Best Dynasty In The NFL?

1974, 1975, 1978, 1979 

For those of you who bleed black and gold, you should need no explanation. These dates signify why the Steelers were the team of the 1970’s.  Two times earning back to back Super Bowl victories. ’74, ’75, ’78 being the dynasty period (Three Super Bowls in 4 years), tagging ’79 on there for good measure.  Though, it is tough to argue the Steelers’ supremacy in the 70’s, there is one argument to be made, and its monumental; Salary Cap.  This team was filled to capacity with Hall-of-Famers, pro-bowlers, super stars and other adjectives any football player want before their name.

So here’s the argument:

Would the Steelers have had the same success if they were forced to release so many of their great players?  Would they be able to replace and LC Greenwood, or a Mike Wagner when they fell victim to the cap?  These are not well-known players but big time contributors to a legendary defense. How big would the holes be between Joe, Mel, Jack and Jack?  Would a guy like Tony Dungee or Dwight White even be remembered as great Steelers or would they fall into mediocrity because they didn’t get a chance to play beside guys like Mel Blount or Joe Greene?

Though the argument is purely hypothetical it has quite a bit of gravity to it.  My point is, it was much easier to repeat in the early “Modern Era” of football.

1981, 1984, 1988, 1989

 

The 49ers, the Joe Montana, Jerry Rice, Ronney Lot, Dwight Clark 49ers, not the Steve Young Terrell DIVA CRY BABY Owens 49ers. Bill Walsh’s innovative approach to offense (West-Coast, short passes and including running backs in the passing game) was truly unseen before in football.  I don’t doubt Joe Montana OR Jerry Rice’s abilities in the least bit, in my opinion the two best at their positions to ever play the game BUT, again no salary cap.  You’re talking free-will spending, no need to worry about adjusting contracts or reworking a roster to both fall well under the cap OR cutting solid players to accommodate your great players.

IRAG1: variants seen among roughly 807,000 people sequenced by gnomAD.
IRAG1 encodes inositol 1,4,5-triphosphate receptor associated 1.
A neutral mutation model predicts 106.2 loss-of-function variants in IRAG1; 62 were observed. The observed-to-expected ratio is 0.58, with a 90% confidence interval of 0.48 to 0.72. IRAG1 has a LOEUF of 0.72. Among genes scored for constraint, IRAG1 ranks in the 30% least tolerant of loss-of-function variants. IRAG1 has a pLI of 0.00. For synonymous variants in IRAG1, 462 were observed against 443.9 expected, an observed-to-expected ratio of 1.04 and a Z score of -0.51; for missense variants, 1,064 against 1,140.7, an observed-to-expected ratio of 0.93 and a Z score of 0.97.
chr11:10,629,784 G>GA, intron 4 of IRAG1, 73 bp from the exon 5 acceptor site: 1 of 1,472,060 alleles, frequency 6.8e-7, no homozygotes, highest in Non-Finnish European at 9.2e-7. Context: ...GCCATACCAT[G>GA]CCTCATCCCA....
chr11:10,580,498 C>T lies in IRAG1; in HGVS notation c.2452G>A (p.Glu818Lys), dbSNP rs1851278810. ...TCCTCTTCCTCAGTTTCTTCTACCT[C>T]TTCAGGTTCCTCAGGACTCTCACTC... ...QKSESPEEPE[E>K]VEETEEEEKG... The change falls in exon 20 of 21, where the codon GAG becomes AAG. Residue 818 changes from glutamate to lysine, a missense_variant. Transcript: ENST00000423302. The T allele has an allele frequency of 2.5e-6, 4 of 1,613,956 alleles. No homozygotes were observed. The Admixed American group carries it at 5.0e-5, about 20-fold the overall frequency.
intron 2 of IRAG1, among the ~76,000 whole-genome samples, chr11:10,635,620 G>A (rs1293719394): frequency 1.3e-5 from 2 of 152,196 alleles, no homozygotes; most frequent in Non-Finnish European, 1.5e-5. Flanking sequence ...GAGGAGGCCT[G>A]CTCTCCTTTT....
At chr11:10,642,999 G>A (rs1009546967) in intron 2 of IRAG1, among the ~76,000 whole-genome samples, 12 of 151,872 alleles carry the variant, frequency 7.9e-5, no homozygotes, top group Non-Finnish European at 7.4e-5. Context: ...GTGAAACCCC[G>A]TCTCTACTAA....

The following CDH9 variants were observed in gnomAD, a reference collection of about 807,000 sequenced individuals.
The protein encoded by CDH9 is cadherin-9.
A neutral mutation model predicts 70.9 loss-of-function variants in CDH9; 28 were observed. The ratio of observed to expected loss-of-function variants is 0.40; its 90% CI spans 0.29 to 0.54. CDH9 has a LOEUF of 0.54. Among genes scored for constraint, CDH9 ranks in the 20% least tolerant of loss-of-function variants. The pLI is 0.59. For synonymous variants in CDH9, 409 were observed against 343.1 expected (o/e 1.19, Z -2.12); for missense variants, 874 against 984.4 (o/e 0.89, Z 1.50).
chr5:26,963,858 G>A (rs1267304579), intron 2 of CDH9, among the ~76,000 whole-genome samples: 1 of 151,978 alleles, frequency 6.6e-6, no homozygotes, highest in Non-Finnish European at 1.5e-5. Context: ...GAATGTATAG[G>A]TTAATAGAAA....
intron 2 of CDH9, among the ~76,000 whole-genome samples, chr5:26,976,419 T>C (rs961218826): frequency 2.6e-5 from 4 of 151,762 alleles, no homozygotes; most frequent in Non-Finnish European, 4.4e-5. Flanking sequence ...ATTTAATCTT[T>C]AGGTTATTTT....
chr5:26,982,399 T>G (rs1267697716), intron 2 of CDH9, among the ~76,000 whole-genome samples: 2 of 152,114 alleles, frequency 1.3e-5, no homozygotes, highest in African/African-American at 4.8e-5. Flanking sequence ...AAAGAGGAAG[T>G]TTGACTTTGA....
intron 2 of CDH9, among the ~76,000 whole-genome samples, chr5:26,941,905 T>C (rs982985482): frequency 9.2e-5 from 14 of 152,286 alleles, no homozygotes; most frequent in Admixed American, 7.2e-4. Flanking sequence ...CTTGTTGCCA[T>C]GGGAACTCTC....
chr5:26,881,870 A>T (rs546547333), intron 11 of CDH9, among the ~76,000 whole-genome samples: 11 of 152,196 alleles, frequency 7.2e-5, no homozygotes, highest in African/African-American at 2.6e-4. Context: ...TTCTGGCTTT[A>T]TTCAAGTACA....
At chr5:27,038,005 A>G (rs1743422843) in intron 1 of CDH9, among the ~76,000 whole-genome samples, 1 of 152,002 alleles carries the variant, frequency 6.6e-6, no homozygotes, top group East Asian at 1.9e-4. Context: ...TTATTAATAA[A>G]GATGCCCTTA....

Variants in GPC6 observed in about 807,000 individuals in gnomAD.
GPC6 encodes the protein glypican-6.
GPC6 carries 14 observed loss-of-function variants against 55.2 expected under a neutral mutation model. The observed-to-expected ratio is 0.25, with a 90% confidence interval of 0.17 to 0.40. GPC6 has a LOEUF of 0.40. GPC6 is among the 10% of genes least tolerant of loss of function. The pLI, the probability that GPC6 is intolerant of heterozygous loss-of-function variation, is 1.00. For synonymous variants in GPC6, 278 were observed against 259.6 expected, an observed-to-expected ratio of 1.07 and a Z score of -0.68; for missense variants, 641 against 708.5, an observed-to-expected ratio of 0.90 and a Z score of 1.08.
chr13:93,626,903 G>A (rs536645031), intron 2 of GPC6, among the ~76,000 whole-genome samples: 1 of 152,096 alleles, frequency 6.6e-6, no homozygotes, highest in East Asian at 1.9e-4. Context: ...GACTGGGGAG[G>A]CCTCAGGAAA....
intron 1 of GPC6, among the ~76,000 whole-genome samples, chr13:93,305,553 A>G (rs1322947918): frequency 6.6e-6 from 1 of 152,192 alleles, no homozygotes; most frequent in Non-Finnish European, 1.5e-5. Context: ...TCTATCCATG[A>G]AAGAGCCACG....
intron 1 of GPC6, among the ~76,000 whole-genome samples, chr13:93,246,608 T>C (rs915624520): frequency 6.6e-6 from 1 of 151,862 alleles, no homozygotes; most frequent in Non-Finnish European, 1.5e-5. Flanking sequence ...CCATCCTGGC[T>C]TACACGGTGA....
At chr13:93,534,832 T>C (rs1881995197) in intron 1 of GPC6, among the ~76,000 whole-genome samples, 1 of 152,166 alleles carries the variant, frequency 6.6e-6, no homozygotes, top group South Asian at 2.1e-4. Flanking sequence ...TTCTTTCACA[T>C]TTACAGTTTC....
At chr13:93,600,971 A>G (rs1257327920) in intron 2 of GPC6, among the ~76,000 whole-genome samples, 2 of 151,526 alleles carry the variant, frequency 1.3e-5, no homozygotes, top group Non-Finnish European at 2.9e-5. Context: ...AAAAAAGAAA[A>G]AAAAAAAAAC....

The NFL Cap was implemented in 1994 at 36.6 million; basically you cannot spend more than 36.6 million dollars in total player salaries. Now it’s not THAT simple, there are so many factors to account for when signing and releasing players.  In our age of free agency, teams are penalized when releasing certain players from their roster, usually within the player’s contract or the NFL CBA (Collective Bargaining Agreement).  SO!, if you decide to release a player to make room for another you may have to deal with a penalty against your cap, and depending on that player it could be upwards of 10 million dollars.

I digress, my point is post-1994 repeating Superbowls has only happened ONCE, and that’s the Tom Brady Bill Belichick Patriots (No not the cowboys 1992, 1993, 1995).  Yes we all know the Cowboys went back-to-back, but they did it pre-cap.

So How ‘bout them Cowboys?

1992, 1993, 1995

Though my feelings for Dallas are less than admirable, you have to respect what that team was able to accomplish post-Landry (Tom Landry, MR. COWBOY, invented the 4-3 defense as a d-coordinator in NY, later invented the Flex-defense, a true hero and innovator of the game).  Jimmy Johnson was able to take a disenfranchised…franchise and turn it into an absolute power-house in the most historical division in the NFL.